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FiveThirtyEight

One of my absolute favorite early “sabermetric” football studies was conducted in early 2005 by Doug Drinen, the founder of Pro-Football-Reference.com. At the time, Drinen was spending a week guest-writing football posts at the blog of a fellow professor, the economist J.C. Bradbury, and was performing innovative statistical research using the first iteration of the Pro-Football-Reference database. In those days, digitized historical football data was very difficult to come by, and Drinen’s collection — mind you, a small fraction of the current PFR database’s size — was the best on the web.

As one of his experiments, Drinen made an unorthodox attempt to rank modern wide receivers relative to one another. (For what it’s worth, the conundrum of how best to rate receivers is still a problem nine years later.) His unique twist? The method he used treated receivers the same way he would, elsewhere, treat college football teams in a power-rating system such as the Bowl Championship Series (BCS) used.

Drinen’s rationale was as follows:

Wide Receiver is the only position where even small groups of players are actually competing against each other under nearly identical circumstances… [Two receivers] are working in the same system with the same quarterback, the same offensive line, even the same game conditions. Raw numbers probably are a good way to determine to what extent [one is better than the other]… Every season, every team has a group of 3 to 5 guys that can, for the most part, be rank-ordered by their numbers. This situation is unique to wide receivers.

But how does this help us compare [receivers]? Think college football. USC didn’t play Auburn [in 2004]. So who was better? Well, you know USC was good because, among other reasons, they crushed Oklahoma, who we suspect was pretty good; they beat Texas, for example. We know Auburn was good, in part, because they beat Tennessee, Georgia, and LSU, all solid teams. While there is unfortunately no direct evidence to help us settle the Auburn/USC debate, there are piles and piles of indirect evidence. Every game played by either team, or the opponents of either team, or the opponents of those teams, serves as a tiny sliver of indirect evidence about how good USC and Auburn were. And many very intelligent people have devoted lots of their time and talent to convincing computers to assimilate all this information.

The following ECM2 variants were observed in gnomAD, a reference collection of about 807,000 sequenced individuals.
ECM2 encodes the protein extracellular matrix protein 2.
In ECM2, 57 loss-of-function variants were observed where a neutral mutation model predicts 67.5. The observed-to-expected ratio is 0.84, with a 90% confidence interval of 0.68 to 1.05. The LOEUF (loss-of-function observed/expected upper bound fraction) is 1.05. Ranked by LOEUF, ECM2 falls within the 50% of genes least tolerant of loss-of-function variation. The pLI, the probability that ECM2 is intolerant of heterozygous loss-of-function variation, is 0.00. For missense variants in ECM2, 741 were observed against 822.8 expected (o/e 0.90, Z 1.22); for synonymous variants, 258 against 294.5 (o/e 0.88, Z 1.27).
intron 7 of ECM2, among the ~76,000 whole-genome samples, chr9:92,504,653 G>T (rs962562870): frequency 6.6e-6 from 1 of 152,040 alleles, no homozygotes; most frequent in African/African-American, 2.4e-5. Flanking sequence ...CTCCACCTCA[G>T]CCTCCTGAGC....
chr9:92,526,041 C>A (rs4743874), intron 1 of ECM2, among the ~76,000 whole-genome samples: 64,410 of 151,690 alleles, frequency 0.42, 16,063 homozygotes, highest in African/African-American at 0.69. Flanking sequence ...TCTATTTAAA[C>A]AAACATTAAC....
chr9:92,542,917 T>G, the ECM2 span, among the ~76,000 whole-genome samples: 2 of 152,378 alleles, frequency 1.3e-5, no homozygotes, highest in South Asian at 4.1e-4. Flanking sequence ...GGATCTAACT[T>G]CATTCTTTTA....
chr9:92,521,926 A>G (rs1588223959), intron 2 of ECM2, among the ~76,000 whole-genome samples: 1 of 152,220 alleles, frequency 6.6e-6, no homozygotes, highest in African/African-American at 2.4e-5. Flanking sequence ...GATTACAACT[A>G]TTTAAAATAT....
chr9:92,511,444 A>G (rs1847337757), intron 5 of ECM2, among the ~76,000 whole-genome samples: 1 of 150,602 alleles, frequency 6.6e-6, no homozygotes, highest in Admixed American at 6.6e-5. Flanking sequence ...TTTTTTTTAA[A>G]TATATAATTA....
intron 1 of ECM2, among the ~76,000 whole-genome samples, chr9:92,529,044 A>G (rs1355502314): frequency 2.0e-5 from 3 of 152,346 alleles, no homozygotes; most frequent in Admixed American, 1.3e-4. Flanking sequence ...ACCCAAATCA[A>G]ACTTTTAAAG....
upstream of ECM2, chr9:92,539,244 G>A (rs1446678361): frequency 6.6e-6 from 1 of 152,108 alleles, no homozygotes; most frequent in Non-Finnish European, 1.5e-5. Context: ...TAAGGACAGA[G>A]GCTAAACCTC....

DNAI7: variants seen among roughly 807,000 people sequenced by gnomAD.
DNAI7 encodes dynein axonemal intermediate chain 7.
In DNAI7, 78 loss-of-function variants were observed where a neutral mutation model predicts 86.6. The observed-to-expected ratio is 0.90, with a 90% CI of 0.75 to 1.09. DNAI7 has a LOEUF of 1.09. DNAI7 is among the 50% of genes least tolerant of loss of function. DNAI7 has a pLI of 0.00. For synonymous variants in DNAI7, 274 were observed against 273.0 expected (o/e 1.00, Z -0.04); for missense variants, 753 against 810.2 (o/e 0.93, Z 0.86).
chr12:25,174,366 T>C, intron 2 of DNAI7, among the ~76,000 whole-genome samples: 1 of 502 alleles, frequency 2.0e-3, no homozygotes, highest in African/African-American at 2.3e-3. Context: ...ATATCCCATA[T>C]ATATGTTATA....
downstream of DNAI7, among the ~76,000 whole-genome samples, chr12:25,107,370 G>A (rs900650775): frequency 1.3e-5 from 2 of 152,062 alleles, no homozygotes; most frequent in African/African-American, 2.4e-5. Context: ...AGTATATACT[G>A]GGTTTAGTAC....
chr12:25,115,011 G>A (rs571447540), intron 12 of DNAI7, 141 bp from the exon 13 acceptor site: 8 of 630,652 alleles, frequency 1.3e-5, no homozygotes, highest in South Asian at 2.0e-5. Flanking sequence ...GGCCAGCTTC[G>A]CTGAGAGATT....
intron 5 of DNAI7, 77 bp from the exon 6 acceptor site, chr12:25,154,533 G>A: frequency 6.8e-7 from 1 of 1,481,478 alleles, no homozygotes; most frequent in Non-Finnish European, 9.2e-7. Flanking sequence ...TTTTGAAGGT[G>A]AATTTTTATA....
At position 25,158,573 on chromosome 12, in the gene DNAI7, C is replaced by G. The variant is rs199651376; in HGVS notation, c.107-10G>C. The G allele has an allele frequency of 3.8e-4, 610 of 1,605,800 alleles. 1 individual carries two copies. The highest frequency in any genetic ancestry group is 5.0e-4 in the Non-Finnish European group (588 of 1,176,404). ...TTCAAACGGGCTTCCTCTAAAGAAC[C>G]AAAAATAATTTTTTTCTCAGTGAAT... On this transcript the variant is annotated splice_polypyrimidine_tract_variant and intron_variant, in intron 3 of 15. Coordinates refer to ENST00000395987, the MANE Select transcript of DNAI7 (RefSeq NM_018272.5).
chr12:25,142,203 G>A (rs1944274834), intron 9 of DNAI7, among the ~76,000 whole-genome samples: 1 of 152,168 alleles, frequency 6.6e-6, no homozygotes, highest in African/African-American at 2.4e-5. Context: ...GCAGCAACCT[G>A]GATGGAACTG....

So why not put this technology to work ranking wide receivers?

Drinen went on to describe his system. In it, each receiver competes against his fellow teammates for receiving yardage; the degree to which one beats the other is how much he outgains him statistically (after adjusting for aging effects). When receivers change teams, they face different matchups against a different set of opponents, which help tell us about not only the receiver’s own quality, but also the relative quality of his old and new teammates. Do this for every season in NFL history, and we have a rough way to gauge how much each receiver would outgain (or be outgained by) the average NFL pass-catcher, adjusted for his strength of schedule (teammates).

While doing research for my article about receiving stats and the Pro Football Hall of Fame, I replicated Drinen’s “BCS rating” — right down to the aging curve — but applied it to True Receiving Yards per game (Drinen used total yards). Here were the leaders among pass catchers who started their careers in 1950 or later:

Datalab.Draft.Paine.BCSreceivers.0805

You can find the full results for this rating alongside each player’s career True Receiving Yards and With or Without You (WOWY) scores, as well as the data for the TRY per game aging curve, on GitHub.

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